You have landed at the premiere website dedicated to the small firm job market, created by the authors of the book Small Firms Big Opportunity: How to Get Hired and Succeed in the New Economy.
Small law firms are, in fact, the really big entry-level employer of new attorneys. NALP’s just released data for the Class of 2011 graduates from across the nation, reveals that almost 43% of those who began their career in private practice started in a firm of 2-10 attorneys.
This website is designed to assist law students, graduates, career services professionals, and anyone who is interested in learning about:
Why small firms are a great place to begin your legal career;
The dynamics of small firm practice;
The business of practicing law;
How core competencies affect your ability to succeed as a lawyer.
Samantha Williams’ interview, “How to Get a Job at a Small Firm,” by Ari Kaplan is available http://reinventingprofessionals.com./ recorded on April 22, 2013 .
From “Newly Hired” ’12 Wake Forest Law Grad on Amazon, …”this book is full of tips that make it seem as though someone has been watching me work and hearing my thoughts. I found especially helpful the mentions of common mistakes of new lawyers. It answered for me many questions that I had asked myself but was reluctant to ask attorneys at the office because they were either too busy or for fear of downgrading their opinion of me. The book is full of practical and relevant information regarding not only how to get hired, but how to be successful and professional.” http://www.amazon.com/Small-Firms-Big-Opportunity-Survival/dp/0940675706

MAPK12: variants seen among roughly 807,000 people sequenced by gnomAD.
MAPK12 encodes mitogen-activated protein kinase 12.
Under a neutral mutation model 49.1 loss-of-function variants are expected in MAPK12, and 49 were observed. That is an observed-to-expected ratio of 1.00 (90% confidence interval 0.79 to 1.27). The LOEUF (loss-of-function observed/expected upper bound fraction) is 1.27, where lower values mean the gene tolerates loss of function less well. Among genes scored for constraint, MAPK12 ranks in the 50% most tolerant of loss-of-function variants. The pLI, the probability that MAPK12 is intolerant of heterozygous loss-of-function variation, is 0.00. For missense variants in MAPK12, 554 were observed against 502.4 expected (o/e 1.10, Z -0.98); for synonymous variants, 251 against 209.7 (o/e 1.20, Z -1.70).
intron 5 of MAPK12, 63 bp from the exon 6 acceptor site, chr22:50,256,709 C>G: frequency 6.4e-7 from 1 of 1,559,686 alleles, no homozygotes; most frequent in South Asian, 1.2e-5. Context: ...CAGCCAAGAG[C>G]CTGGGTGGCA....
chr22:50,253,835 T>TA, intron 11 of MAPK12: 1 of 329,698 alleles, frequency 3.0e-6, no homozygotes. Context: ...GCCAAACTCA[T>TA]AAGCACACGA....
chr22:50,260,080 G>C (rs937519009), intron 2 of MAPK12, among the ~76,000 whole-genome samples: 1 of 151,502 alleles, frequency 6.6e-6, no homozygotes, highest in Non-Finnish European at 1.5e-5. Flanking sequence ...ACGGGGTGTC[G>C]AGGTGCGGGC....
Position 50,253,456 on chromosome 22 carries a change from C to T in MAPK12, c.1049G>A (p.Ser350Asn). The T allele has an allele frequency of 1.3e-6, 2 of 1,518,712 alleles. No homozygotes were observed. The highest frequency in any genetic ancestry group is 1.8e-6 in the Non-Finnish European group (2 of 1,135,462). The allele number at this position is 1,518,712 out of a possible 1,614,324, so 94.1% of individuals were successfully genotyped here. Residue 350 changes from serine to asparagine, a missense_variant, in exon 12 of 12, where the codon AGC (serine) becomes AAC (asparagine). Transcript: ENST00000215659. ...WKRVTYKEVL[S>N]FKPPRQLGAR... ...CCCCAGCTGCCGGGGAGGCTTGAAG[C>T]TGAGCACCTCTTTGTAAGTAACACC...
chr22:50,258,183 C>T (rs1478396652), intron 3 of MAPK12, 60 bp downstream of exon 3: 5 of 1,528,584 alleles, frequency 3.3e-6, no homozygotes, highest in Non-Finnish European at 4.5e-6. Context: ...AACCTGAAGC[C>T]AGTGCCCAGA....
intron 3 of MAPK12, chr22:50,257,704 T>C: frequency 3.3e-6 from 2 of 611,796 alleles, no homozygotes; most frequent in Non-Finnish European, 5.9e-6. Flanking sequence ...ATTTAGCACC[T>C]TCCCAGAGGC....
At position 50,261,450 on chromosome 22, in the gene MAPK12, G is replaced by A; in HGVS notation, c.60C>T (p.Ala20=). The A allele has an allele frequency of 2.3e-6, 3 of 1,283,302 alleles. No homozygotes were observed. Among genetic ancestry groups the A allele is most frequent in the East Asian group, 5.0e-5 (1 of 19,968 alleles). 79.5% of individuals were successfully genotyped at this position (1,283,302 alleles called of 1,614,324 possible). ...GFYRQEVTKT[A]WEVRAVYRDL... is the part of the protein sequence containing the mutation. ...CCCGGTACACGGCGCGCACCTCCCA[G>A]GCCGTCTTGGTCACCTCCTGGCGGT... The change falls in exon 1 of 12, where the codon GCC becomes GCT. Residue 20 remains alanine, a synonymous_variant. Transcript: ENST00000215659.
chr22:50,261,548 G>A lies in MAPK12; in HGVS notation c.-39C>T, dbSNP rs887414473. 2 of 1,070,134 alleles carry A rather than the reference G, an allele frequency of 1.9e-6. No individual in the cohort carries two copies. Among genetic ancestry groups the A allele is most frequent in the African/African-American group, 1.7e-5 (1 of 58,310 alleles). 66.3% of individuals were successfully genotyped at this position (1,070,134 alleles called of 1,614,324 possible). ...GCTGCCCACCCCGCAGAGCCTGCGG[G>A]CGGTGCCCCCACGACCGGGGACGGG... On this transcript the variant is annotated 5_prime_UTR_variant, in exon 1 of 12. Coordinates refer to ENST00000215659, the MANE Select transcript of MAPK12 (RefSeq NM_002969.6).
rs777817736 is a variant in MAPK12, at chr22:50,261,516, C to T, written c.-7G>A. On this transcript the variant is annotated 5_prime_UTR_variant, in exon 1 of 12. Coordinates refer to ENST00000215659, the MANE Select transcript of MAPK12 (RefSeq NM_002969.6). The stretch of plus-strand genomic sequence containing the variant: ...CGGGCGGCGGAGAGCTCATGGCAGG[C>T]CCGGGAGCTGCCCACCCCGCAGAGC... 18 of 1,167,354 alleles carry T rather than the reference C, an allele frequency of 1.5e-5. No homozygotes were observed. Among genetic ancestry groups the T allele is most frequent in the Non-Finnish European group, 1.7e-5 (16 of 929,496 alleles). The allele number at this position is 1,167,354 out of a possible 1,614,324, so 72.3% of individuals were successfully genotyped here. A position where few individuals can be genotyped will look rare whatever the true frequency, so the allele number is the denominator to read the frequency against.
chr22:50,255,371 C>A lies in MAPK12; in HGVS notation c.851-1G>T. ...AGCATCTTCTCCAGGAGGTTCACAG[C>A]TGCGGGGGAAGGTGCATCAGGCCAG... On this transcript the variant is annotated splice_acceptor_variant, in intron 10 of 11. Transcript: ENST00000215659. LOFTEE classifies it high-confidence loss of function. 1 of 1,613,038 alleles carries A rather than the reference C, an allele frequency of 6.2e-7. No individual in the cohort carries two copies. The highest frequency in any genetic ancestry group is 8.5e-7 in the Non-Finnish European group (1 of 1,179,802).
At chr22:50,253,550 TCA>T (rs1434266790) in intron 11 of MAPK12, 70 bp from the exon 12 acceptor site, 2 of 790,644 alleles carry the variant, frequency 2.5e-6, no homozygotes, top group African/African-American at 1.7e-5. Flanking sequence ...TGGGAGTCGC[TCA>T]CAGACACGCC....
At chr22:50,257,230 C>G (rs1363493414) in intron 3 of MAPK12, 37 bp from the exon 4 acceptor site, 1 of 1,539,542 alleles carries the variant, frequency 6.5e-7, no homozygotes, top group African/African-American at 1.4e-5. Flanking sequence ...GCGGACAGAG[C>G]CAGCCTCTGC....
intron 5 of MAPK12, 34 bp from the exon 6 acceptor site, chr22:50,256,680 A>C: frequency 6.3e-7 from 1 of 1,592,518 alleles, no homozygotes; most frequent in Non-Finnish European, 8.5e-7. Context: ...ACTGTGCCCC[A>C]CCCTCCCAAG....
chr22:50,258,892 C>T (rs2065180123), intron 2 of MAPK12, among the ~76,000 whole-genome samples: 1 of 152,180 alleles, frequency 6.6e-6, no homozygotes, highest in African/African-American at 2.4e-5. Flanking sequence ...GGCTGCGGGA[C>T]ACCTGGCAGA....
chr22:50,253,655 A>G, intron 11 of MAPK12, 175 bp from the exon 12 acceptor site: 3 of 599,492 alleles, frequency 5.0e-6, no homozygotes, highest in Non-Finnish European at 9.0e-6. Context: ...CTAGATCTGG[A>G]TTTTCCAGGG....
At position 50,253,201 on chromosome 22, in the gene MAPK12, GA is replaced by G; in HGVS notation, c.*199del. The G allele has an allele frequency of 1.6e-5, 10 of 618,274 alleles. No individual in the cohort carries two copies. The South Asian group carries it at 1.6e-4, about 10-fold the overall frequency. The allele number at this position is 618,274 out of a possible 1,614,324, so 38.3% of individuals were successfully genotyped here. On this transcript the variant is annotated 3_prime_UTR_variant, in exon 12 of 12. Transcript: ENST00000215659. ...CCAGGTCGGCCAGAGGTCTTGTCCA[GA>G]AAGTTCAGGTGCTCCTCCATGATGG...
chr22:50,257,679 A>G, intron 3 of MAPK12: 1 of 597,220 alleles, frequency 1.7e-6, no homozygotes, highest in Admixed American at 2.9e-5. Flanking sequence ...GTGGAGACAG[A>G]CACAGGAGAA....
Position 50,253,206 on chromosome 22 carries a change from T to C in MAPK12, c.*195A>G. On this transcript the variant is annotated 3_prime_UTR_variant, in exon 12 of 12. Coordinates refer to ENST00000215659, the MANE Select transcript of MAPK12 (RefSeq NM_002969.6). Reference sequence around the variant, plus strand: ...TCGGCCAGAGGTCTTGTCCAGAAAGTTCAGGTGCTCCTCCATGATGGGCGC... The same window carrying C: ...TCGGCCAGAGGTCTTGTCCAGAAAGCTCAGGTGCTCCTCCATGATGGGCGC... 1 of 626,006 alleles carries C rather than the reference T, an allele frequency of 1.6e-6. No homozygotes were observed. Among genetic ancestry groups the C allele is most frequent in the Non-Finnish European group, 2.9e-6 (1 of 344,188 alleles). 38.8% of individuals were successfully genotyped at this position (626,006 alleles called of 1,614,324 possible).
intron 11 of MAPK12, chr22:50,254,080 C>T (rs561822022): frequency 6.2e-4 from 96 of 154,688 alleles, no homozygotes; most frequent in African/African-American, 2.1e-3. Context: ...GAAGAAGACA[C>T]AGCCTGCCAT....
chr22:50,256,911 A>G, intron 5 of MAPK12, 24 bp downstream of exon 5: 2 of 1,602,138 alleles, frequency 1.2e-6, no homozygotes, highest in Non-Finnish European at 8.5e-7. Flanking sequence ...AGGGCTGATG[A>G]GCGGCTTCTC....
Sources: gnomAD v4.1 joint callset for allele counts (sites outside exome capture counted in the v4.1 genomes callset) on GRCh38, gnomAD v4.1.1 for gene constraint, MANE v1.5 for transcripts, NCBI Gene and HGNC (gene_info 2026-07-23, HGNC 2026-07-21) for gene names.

Susan Gainen of Pass the Baton says, “Five chapters worth the price of the book” “There’s a First Time For Everything (Chapter 15) and the five core competency chapters are worth the price of this book because they pull back the curtains on issues that are rarely mentioned and even more rarely explained. Without this information, law students and new lawyers increase their learning curves and increase their chances of torpedoing promising legal careers.”